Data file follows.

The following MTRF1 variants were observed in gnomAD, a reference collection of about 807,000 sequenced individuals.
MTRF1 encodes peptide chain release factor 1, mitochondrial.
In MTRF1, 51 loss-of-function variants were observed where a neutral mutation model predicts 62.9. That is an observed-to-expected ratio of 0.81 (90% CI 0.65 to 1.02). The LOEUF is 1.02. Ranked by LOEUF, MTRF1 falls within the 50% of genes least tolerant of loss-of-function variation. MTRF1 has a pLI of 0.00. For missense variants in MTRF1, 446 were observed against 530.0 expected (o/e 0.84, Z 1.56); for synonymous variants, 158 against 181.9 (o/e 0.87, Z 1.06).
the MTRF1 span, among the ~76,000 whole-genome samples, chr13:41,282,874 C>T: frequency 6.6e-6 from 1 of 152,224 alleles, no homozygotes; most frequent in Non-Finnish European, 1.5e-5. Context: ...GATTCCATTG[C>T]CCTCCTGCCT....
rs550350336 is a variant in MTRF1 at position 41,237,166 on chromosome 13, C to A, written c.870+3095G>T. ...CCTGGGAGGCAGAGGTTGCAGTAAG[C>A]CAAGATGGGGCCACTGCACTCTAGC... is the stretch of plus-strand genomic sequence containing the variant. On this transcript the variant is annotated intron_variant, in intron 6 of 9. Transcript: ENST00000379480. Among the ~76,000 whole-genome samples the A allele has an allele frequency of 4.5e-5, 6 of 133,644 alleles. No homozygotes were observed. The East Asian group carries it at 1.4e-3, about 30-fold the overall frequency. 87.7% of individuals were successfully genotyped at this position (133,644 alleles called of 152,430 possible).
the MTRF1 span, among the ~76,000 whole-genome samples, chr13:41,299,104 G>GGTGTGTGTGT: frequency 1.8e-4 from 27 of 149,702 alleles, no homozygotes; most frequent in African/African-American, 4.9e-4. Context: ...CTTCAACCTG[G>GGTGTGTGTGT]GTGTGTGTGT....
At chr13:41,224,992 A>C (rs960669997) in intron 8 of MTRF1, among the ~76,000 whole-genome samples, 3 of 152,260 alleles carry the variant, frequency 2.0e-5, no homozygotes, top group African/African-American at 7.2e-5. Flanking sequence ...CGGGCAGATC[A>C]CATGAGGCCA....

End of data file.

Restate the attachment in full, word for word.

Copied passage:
The following MTRF1 variants were observed in gnomAD, a reference collection of about 807,000 sequenced individuals.
MTRF1 encodes peptide chain release factor 1, mitochondrial.
In MTRF1, 51 loss-of-function variants were observed where a neutral mutation model predicts 62.9. That is an observed-to-expected ratio of 0.81 (90% CI 0.65 to 1.02). The LOEUF is 1.02. Ranked by LOEUF, MTRF1 falls within the 50% of genes least tolerant of loss-of-function variation. MTRF1 has a pLI of 0.00. For missense variants in MTRF1, 446 were observed against 530.0 expected (o/e 0.84, Z 1.56); for synonymous variants, 158 against 181.9 (o/e 0.87, Z 1.06).
the MTRF1 span, among the ~76,000 whole-genome samples, chr13:41,282,874 C>T: frequency 6.6e-6 from 1 of 152,224 alleles, no homozygotes; most frequent in Non-Finnish European, 1.5e-5. Context: ...GATTCCATTG[C>T]CCTCCTGCCT....
rs550350336 is a variant in MTRF1 at position 41,237,166 on chromosome 13, C to A, written c.870+3095G>T. ...CCTGGGAGGCAGAGGTTGCAGTAAG[C>A]CAAGATGGGGCCACTGCACTCTAGC... is the stretch of plus-strand genomic sequence containing the variant. On this transcript the variant is annotated intron_variant, in intron 6 of 9. Transcript: ENST00000379480. Among the ~76,000 whole-genome samples the A allele has an allele frequency of 4.5e-5, 6 of 133,644 alleles. No homozygotes were observed. The East Asian group carries it at 1.4e-3, about 30-fold the overall frequency. 87.7% of individuals were successfully genotyped at this position (133,644 alleles called of 152,430 possible).
the MTRF1 span, among the ~76,000 whole-genome samples, chr13:41,299,104 G>GGTGTGTGTGT: frequency 1.8e-4 from 27 of 149,702 alleles, no homozygotes; most frequent in African/African-American, 4.9e-4. Context: ...CTTCAACCTG[G>GGTGTGTGTGT]GTGTGTGTGT....
At chr13:41,224,992 A>C (rs960669997) in intron 8 of MTRF1, among the ~76,000 whole-genome samples, 3 of 152,260 alleles carry the variant, frequency 2.0e-5, no homozygotes, top group African/African-American at 7.2e-5. Flanking sequence ...CGGGCAGATC[A>C]CATGAGGCCA....